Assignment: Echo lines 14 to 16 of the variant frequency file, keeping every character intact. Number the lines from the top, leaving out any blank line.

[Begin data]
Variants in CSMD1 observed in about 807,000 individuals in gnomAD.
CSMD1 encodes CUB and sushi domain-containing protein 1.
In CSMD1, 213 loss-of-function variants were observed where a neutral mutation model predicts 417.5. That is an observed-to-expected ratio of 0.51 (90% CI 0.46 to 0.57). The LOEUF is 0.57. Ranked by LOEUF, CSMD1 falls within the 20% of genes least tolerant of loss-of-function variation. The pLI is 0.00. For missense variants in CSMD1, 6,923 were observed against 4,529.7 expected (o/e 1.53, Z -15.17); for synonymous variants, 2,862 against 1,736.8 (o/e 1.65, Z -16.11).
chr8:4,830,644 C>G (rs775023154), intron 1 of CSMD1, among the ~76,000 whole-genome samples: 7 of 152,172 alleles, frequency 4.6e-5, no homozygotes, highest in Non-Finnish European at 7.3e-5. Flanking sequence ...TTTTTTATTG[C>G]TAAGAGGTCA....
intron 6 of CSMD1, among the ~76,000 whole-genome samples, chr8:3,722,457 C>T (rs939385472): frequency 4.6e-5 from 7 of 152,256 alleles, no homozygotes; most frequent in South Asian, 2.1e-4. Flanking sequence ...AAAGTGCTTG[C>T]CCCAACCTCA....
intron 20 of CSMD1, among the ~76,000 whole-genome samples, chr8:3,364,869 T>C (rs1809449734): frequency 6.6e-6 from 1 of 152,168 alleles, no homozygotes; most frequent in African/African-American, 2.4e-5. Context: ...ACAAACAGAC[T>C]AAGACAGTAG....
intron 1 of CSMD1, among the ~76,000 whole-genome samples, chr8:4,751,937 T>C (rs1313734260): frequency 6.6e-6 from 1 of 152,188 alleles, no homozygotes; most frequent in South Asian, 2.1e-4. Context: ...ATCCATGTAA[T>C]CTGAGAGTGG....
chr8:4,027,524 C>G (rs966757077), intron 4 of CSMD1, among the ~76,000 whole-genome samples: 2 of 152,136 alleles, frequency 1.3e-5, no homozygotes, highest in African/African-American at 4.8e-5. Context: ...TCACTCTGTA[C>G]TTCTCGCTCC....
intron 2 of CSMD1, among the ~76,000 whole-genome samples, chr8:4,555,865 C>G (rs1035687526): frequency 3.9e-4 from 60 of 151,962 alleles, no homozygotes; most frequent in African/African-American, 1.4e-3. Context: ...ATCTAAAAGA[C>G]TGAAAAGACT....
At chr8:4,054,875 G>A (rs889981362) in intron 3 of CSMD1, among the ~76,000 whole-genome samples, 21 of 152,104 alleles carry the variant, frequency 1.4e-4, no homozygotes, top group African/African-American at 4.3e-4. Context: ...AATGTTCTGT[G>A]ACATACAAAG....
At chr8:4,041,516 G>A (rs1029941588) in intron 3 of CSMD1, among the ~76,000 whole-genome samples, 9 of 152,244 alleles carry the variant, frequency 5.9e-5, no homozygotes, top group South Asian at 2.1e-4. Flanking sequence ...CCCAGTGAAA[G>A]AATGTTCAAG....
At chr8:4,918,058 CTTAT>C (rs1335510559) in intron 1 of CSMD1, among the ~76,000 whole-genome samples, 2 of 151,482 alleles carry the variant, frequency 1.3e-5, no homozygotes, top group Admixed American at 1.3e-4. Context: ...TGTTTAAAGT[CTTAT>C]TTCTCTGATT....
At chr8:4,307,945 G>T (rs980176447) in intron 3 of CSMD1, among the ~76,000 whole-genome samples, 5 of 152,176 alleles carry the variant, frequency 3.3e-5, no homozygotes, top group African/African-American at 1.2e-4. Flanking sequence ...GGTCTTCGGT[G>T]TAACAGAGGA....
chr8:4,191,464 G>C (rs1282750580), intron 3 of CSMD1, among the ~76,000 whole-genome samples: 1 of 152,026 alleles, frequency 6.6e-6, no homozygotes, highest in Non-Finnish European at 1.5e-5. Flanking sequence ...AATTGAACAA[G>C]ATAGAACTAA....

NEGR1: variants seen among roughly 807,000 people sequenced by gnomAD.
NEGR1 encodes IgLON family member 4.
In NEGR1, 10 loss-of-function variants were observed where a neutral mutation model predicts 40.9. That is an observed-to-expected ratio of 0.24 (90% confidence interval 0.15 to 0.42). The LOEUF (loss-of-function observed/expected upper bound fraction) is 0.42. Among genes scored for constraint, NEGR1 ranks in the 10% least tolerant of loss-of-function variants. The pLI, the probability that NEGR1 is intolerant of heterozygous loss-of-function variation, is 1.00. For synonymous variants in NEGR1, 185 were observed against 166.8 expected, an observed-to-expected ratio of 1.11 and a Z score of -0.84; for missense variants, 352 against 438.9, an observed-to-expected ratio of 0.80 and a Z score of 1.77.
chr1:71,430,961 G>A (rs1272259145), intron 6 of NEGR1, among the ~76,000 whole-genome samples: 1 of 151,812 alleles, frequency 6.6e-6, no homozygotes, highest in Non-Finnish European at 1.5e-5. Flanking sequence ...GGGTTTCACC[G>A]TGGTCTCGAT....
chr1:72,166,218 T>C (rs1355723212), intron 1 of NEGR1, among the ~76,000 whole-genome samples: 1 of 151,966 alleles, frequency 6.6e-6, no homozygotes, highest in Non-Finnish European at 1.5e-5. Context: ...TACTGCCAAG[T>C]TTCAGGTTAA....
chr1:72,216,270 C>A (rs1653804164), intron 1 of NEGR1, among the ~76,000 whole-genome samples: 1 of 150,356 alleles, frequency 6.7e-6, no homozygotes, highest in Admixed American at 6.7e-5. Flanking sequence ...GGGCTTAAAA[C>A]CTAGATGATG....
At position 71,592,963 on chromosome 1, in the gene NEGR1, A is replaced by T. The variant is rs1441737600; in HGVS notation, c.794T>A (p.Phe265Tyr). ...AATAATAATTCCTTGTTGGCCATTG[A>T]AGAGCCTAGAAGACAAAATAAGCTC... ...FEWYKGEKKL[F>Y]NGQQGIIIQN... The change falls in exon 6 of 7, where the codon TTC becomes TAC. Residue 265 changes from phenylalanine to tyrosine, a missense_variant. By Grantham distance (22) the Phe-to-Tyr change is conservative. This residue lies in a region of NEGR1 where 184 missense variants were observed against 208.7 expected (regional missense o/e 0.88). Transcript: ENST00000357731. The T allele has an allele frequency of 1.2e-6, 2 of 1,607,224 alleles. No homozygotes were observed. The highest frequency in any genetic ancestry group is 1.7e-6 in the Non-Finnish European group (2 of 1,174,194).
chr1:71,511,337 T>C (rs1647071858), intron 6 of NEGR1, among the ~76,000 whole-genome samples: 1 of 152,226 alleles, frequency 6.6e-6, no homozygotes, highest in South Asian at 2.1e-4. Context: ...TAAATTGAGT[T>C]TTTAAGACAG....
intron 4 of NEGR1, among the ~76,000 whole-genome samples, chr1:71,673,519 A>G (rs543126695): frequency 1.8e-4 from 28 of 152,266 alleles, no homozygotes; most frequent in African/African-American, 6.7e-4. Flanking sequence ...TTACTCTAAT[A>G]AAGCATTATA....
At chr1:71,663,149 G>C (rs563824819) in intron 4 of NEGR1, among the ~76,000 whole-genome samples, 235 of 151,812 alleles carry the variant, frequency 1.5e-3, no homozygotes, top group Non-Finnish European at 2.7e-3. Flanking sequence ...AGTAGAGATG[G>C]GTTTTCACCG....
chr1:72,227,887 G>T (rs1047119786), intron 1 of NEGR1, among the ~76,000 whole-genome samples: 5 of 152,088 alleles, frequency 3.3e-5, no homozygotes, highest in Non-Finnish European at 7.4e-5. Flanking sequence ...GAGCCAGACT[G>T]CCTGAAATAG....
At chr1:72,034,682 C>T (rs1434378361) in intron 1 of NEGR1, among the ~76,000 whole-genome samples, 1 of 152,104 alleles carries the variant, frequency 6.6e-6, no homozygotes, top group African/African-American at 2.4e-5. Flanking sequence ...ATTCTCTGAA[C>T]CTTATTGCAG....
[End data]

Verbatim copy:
chr8:4,191,464 G>C (rs1282750580), intron 3 of CSMD1, among the ~76,000 whole-genome samples: 1 of 152,026 alleles, frequency 6.6e-6, no homozygotes, highest in Non-Finnish European at 1.5e-5. Flanking sequence ...AATTGAACAA[G>C]ATAGAACTAA....

NEGR1: variants seen among roughly 807,000 people sequenced by gnomAD.
NEGR1 encodes IgLON family member 4.